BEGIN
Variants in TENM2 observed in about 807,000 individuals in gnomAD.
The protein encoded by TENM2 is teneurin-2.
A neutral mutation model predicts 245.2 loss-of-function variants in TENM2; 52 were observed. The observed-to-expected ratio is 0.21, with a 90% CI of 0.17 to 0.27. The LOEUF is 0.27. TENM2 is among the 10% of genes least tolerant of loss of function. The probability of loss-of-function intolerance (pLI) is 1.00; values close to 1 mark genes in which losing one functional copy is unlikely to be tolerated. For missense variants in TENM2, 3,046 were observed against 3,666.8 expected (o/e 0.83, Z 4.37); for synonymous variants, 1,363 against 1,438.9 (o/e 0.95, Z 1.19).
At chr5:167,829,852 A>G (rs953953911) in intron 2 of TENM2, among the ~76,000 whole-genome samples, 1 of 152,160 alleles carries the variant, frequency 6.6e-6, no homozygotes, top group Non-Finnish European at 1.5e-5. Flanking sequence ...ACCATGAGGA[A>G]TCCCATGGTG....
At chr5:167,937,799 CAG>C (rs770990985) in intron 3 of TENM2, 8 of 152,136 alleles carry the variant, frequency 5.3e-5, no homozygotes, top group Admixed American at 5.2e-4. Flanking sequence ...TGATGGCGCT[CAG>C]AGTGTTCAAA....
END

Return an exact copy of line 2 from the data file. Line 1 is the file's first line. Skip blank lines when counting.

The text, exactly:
The protein encoded by TENM2 is teneurin-2.